Don't let extraordinary situations get you off track. Keep students engaged during periods of absence or school closure with activities that allow you to insert your own curriculum and direct learning from wherever you or your students happen to be. These activities can be adapted for use across multiple curriculum topics throughout the school year.
After discussing Internet research techniques, provide students with a choice of topics to research using the Web. Create a wiki for each topic. Once research is complete, allow students to enter learned information to the wiki for one topic page. Each topic group should collaborate to discuss the research. Finally, have students create a product using Web 2.0 tools to teach others about what they have learned or answer a question posed by the research.
For writing prompt and research ideas dealing with viruses and a variety of other topics:
For more information on collaboration, using wikis, and product ideas:Watch these Web 2.0 tutorials
Draw attention to the many ways mathematical concepts are incorporated into our daily activities. Instruct students to observe and record how the math concept you are currently studying is used in everyday situations and create a product that displays their learning. For example, students studying shapes can identify objects in their homes or neighborhood that take on that shape. Students can draw or photograph the objects and create a collage of shapes. Students should be prepared to discuss how the object's shape helps it to be functional. Concepts related to measurement, pricing, discounts, and budgeting exercises are easily observed during routine shopping trips. Construction activities can help students see real-life applications for figuring angles, arithmetic, scale, and fractions. Weather forecasts offer an opportunity to practice unit conversion, estimation, and prediction.
For ideas on how math is used in a variety of everyday situations, WebMath tutorials can be used by students to gather real-time solutions and explanations to specific math questions.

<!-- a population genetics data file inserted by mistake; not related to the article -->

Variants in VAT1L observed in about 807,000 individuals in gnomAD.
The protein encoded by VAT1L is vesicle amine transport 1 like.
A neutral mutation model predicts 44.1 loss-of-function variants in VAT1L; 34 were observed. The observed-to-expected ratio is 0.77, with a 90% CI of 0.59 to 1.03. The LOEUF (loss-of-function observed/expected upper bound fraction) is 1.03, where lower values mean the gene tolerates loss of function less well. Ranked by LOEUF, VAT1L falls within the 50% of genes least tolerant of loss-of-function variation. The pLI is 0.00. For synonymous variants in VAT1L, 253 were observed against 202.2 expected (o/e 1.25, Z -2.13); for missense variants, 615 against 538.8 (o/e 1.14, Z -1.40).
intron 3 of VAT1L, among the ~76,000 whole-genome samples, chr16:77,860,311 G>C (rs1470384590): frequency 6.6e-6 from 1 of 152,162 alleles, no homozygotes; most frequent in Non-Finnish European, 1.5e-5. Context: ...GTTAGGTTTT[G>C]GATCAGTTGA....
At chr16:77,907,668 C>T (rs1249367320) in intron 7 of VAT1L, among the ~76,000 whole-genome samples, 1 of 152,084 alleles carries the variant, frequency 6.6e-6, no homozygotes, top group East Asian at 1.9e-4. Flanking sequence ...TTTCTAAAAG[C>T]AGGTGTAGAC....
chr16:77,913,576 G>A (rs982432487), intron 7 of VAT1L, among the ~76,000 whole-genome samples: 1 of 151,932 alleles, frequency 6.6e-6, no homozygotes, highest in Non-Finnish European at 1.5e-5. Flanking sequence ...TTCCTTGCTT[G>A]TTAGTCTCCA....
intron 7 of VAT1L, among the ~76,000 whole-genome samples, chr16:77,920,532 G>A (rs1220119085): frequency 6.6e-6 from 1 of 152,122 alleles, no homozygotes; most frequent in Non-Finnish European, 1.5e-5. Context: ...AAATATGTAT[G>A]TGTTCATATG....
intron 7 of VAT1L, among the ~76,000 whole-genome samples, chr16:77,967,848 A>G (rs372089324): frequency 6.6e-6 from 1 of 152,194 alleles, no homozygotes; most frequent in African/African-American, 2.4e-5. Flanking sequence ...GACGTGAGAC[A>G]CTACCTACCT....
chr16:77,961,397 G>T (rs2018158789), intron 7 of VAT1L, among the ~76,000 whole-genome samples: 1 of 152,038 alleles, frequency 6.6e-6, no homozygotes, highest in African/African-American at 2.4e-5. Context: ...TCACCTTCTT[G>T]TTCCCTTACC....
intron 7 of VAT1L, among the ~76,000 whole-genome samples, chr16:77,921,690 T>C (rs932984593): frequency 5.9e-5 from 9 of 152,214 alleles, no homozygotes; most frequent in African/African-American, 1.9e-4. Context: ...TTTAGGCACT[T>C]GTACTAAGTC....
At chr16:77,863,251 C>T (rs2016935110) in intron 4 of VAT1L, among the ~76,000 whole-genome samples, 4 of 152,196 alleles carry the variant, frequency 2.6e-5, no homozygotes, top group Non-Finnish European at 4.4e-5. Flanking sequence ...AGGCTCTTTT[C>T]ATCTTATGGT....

Incorporating higher-level thinking skills and collaboration, WebQuests allow students to learn interdependently and then share their knowledge with a group of classmates to help solve a problem, reach a consensus, build something, or present information in a unique way. Successful WebQuests require careful planning to relay clear and concise tasks and support needed to help students gather information to complete the desired task, usually through the use of templates and resource guides. Using the Internet as the primary source of information, the WebQuest format can easily be adapted to involve students on site as well as those who may be at home by incorporating e-mail or another Web correspondence component such as a wiki or blog.
According to Bernie Dodge, creator of the WebQuest, a WebQuest is comprised of six critical parts: introduction, task, process, information sources, evaluation, and conclusion.
Get started today! Choose a topic in your field of study that requires understanding, uses the Web well, and fits curriculum standards for your school. For more information on developing your own WebQuest:Visit Kathy Schrock's Guide for Educators
In this Webinar hosted by the Discovery Education Network, Bernie Dodge will describe how WebQuests and Web 2.0 go together like chocolate and peanut butter. He'll show examples of how the latest web-based tools can be embedded in a solid pedagogical structure to make a good lesson great.Watch this Webinar with Bernie Dodge on WebQuests and Web 2.0
Have students travel back in time to the historical period currently under study as an archaeologist hired by a museum to explore the historical events of a moment in time and provide a blog to visually record their journey for a new museum exhibit. To begin the research, have students write three questions to answer about the period. They may consider topics such as modes of transportation, fashion, government, housing, family life, economics, occupations, and entertainment. In their reporting, students should create blog entries that include a description of three major events during the period and information about three famous or important people from the time period. Students may use the blog entries to relay interviews, news stories, and photographs from the period.
For links to resource pages on how to use digital gadgets and podcasting in the classroom:
Discover resources on Web 2.0 tools and cyber security as well as additional lesson plans and activities.All about Computers: Web 2.0 Conquering Technophobia
Find resource pages on how to use digital gadgets and podcasting in the classroom.Kathy Schrock's Guide for Educators
Explore ideas for technology in the classroom, parent communication, classroom management, and curriculum resources.New Teacher Survival Central
Review subject specific vocabulary words by creating a puzzle for a classmate using our Puzzlemaker tool.Puzzlemaker
Discover premade worksheets available for a variety of subject areas and grade levels.Worksheets to Go